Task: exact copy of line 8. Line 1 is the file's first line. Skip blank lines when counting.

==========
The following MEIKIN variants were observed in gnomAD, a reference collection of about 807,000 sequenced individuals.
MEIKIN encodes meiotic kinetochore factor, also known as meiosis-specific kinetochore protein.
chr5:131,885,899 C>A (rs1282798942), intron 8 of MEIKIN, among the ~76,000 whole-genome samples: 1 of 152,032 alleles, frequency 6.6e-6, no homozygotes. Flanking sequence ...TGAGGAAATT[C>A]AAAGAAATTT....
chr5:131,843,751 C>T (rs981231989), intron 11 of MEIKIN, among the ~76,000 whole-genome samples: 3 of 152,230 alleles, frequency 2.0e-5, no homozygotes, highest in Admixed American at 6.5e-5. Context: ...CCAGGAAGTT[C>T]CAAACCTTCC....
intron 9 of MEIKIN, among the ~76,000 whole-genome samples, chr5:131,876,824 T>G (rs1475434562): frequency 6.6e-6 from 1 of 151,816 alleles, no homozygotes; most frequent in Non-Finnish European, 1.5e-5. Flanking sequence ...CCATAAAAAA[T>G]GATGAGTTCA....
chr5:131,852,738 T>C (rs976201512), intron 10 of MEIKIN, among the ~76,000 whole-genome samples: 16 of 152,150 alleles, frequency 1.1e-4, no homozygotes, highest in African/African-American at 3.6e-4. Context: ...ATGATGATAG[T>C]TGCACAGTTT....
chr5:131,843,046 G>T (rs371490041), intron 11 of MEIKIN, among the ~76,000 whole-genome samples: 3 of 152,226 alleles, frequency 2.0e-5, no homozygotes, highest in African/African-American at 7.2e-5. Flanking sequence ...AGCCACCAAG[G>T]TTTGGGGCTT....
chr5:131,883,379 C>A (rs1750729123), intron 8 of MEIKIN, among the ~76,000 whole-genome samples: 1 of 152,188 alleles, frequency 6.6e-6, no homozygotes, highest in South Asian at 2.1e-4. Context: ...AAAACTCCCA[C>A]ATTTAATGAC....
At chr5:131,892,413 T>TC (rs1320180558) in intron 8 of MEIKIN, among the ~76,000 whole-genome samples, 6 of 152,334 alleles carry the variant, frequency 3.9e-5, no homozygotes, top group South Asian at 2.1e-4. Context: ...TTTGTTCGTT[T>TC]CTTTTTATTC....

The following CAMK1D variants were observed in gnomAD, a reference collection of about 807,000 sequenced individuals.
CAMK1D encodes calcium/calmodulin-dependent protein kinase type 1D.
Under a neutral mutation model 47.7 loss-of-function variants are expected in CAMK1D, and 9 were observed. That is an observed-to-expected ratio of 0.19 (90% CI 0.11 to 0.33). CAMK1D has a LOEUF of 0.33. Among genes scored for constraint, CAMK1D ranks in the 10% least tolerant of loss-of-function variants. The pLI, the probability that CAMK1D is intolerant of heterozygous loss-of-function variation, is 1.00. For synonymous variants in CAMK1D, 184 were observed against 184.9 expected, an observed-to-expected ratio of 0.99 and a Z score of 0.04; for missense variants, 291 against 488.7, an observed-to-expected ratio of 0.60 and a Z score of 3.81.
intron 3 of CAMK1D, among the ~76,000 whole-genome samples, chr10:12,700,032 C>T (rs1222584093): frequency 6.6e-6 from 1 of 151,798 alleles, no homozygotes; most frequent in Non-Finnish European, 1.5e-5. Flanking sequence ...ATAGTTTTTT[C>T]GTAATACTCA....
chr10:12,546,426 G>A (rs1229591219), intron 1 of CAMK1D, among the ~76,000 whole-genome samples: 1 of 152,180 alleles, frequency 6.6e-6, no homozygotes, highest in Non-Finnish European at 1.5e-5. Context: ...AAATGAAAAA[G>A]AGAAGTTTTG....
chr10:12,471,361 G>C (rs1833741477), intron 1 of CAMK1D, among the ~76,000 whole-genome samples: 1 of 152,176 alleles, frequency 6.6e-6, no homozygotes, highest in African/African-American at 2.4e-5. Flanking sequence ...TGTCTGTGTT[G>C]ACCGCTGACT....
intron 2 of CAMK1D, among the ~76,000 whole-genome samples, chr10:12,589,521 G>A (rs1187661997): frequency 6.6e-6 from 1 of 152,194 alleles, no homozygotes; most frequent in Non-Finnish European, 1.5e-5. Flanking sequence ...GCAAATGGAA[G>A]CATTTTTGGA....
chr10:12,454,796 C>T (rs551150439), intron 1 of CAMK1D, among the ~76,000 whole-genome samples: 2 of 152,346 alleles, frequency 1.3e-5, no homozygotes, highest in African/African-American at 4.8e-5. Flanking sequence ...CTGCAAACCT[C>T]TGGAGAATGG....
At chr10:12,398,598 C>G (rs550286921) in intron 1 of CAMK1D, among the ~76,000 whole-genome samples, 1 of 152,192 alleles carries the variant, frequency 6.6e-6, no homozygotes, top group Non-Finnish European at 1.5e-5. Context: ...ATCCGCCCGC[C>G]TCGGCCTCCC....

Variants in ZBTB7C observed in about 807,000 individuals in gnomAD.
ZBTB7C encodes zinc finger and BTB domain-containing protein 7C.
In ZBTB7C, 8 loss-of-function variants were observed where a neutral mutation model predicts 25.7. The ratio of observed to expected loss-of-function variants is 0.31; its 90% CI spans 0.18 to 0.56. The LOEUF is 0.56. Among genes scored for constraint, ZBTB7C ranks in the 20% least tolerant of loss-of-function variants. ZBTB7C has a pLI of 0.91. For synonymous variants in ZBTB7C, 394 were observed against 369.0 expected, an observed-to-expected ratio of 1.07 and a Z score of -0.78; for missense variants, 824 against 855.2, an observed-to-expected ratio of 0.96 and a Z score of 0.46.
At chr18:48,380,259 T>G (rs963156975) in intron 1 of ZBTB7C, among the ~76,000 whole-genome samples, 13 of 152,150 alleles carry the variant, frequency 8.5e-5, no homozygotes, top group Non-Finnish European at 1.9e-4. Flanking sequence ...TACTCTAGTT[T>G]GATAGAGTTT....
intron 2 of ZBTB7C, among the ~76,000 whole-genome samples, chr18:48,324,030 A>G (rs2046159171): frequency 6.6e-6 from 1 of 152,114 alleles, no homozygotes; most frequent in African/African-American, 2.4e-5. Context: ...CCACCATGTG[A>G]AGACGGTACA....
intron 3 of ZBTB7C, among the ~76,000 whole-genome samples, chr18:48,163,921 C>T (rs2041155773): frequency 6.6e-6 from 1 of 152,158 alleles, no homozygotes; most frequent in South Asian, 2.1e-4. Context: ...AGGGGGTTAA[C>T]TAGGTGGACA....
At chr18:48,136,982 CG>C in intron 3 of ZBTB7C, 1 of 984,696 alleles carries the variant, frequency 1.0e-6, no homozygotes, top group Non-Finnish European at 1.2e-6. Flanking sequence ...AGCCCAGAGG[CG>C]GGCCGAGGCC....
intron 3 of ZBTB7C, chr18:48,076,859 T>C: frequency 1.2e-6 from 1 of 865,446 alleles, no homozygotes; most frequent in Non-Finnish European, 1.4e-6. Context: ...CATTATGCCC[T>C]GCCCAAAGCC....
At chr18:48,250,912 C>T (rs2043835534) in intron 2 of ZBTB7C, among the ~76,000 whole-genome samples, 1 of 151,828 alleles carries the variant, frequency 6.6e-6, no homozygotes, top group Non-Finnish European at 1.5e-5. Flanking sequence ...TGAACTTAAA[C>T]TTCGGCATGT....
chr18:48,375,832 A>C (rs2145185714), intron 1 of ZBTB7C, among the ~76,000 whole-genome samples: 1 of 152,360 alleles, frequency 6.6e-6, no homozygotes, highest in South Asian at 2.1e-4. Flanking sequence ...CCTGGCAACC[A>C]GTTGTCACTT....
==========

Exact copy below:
chr5:131,883,379 C>A (rs1750729123), intron 8 of MEIKIN, among the ~76,000 whole-genome samples: 1 of 152,188 alleles, frequency 6.6e-6, no homozygotes, highest in South Asian at 2.1e-4. Context: ...AAAACTCCCA[C>A]ATTTAATGAC....